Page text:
and the dialogue of tragedy in simple iambic trimeter)
‰ story continued across trilogy
„ Influence of Classicism—the tragic trilogy of Agamemnon’s family
reveals:
‰ simplicity (few subplots)
‰ symmetry (murder, matricide, absolution, see next slide)
‰ dramatic restraint (messenger scenes for murders, etc.)

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Agamemnon
„ Historical and political contexts
‰ Basileus and aristoi = Agamemnon → represent traditional authority
even if failed
‰ Demos and tyrannoi = chorus/citizens Aegisthus → represent revolution
and (violent) change
„ Note effects of war in chorus’ response to the fall of Troy (Grene, 15–19, esp. Ag. 429–
457)
„ But the people are oppressed in the end by Aegisthus
„ Characters: Watchman, Clytaemnestra, Herald, Agamemnon, Cassandra,
Aegisthus
„ Review basic storyline
„ Clytaemnestra’s motivations
‰ Iphigneia’s sacrifice
‰ Affair with Aegisthus
„ Emotions and Behaviors Represented
‰ Love in hate
‰ Male rationalism and female irrationality
„ A lady’s male strength of heart . . . A woman-lioness who goes to bed with the wolf

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Pivotal Points
„ Agamemnon’s hamartia or “mistake”
‰ Hybris in walking on the tapestries, accepting extravagant honors and
treading on the images of the gods?
„ “ . . Let not your foot, my lord, sacker of Ilium, touch the earth . . . Strew the
ground before his feet with tapestries. Let there spring up into the house he
never hoped to see, where Justice leads him, a crimson path.” (Aesch. Ag.
905–911)
„ “ . . . Such state becomes the gods, and none beside. I am a mortal, a man; I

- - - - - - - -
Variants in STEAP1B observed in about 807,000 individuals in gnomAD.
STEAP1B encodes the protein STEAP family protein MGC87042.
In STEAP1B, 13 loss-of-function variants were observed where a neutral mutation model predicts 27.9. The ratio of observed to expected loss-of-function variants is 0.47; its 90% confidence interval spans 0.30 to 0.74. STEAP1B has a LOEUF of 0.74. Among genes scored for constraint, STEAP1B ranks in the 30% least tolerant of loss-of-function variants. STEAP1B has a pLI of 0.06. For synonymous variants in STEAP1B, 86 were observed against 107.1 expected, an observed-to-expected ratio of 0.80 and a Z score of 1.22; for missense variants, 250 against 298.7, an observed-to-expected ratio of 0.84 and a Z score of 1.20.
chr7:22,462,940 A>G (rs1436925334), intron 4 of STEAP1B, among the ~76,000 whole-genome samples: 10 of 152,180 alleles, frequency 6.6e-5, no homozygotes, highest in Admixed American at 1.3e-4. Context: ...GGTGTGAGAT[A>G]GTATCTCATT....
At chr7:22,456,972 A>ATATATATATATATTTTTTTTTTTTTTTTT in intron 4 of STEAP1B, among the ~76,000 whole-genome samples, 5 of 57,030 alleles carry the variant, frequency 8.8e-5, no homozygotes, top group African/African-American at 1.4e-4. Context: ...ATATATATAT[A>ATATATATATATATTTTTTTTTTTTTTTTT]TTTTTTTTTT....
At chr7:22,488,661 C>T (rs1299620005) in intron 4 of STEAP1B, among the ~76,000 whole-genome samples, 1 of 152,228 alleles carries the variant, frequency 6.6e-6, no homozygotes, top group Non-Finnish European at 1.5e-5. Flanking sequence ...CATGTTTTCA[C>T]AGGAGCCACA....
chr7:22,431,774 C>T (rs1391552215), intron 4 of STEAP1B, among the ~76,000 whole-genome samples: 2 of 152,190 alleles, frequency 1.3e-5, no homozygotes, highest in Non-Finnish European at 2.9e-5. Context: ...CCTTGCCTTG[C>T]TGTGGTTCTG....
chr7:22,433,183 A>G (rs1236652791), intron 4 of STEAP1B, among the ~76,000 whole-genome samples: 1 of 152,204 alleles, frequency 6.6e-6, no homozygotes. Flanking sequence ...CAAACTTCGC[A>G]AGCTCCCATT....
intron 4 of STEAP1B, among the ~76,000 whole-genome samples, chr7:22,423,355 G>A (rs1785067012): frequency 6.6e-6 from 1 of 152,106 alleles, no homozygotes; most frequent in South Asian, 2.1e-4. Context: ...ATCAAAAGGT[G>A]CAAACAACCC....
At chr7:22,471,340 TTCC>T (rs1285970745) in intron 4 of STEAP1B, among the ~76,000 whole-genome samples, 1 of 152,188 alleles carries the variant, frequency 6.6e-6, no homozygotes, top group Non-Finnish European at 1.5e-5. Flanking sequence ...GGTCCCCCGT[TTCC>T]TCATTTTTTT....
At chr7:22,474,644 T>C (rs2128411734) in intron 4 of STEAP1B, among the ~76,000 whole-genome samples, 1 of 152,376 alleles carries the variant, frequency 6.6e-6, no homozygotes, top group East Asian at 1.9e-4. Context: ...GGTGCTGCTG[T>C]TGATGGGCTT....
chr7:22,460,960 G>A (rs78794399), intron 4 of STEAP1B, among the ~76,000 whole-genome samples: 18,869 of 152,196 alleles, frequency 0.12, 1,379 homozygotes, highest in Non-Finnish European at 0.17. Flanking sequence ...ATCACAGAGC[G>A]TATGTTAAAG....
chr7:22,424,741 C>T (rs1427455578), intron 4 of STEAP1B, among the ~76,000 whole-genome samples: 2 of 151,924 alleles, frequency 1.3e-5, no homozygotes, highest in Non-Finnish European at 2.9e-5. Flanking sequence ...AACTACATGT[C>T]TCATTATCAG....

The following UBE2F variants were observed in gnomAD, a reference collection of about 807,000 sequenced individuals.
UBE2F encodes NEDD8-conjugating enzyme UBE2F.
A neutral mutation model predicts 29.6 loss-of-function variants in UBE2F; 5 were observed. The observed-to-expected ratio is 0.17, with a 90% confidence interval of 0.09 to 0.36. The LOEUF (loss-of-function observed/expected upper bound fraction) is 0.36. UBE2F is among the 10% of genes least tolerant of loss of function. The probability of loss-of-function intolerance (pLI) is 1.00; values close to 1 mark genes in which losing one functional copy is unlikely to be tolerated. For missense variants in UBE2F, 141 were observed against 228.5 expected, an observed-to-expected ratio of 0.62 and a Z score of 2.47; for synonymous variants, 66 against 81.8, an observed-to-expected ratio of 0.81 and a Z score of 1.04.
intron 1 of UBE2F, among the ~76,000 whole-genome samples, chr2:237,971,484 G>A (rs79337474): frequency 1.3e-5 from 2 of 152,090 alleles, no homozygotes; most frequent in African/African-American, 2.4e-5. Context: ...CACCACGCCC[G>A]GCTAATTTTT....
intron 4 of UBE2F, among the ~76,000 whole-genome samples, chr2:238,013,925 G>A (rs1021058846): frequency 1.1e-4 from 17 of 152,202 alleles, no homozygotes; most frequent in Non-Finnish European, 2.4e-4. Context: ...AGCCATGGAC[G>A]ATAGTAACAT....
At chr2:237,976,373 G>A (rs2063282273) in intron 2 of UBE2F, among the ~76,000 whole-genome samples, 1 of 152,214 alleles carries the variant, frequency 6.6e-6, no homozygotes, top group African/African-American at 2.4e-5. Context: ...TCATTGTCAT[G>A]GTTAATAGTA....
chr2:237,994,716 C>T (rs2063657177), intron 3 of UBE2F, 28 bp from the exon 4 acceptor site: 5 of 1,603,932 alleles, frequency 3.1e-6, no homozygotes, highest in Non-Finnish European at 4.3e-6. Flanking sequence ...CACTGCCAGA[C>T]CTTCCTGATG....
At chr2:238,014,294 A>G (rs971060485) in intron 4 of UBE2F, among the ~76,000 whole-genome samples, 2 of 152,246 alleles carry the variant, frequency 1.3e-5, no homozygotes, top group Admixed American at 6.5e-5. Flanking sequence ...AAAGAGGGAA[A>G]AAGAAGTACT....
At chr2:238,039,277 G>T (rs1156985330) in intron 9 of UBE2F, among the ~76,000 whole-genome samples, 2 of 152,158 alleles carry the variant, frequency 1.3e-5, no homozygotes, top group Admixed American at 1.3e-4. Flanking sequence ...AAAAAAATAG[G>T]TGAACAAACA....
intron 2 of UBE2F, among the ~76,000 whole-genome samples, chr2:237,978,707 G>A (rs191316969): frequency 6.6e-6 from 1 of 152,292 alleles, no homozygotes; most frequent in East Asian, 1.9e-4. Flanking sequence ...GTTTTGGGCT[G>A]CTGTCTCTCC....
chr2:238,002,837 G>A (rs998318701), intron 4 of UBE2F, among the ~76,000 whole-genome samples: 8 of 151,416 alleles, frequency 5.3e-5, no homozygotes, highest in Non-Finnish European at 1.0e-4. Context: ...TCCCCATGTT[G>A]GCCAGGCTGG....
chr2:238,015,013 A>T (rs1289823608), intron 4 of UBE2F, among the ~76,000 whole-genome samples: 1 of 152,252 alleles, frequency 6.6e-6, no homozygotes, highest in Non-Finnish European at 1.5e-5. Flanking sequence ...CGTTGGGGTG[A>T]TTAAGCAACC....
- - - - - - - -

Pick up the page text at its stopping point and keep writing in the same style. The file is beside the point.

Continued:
cannot trample upon these tinted spendors without feat thrown in my path. I
tell you, as a man, not a god, to reverence me.” (see Aesch. Ag. 918–925)
„ Cassandra’s echo of Agamemnon’s hamartia
‰ Rips off the prophetic regalia of Apollo and tramples it
„ “Why do I wear these mockeries upon my body, this staff of prophecy, these
flowers at my throat? At least I can spoil you before I die . . .” (Aesch. Ag.
1264–1267)
‰ Difference?
„ Agamemnon does not know the full import of what he does, she
purposefully rejects Apollo’s protection and walks knowingly to her
death
„ Her prayer: to die quickly and have rest . . . the Chorus is amazed at her
serenity in the face of death

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Some Themes, Images, and Quotes


„ Parable of the Lion Cub (Aesch. Ag. 714–736)
„ Sea/purple/blood
‰ Clytaemestra: “The sea is there, and who shall drain its yield? . . . The purple
ooze wherein our garments shall be dipped . . .” (Aesch. Ag. 958–960)
„ Entanglement: Spider’s web, robe, yoke, snare
‰ Cassandra: “ . . . Keep from his mate the bull. Caught in a folded web’s
entaglements she pinions him and with the black horn strikes. And he crumples
in the watered bath . . .” (Aesch. Ag. 1125–1127)
‰ Chorus: “Caught in the spider’s web you lie, your life gasped out in indecent
death, struck prone to this shameful bed” (Aesch. Ag. 1492-1494)
‰ Clytaemestra: “ . . . As a fisherman cast their huge circling nets, I spread deadly
abundance of rich robes and caught him fast . . .” (Aesch. Ag. 1379–1390)
„ Snake: Viper who turns on its own = Clytaemestra
‰ Chorus: “No, this is daring when the female shall strike down the male. What
shall I call her and be right? What beast of loathing? Viper double-fanged . . .”
(Aesch. Ag. 1231–1233)
„ Swan: Cassandra, sings in the face of death
‰ Pulls off Apollo’s regalia and tramples on them, repeating the hamaria of
Agammenon (Aesch. Ag. 1264–1270)
‰ Clytaemestra: “He lies there; and she who swanlike cried aloud her lyric
lamentation out is laid against his fond heart . . .” (Aesch. Ag. 1444–1447)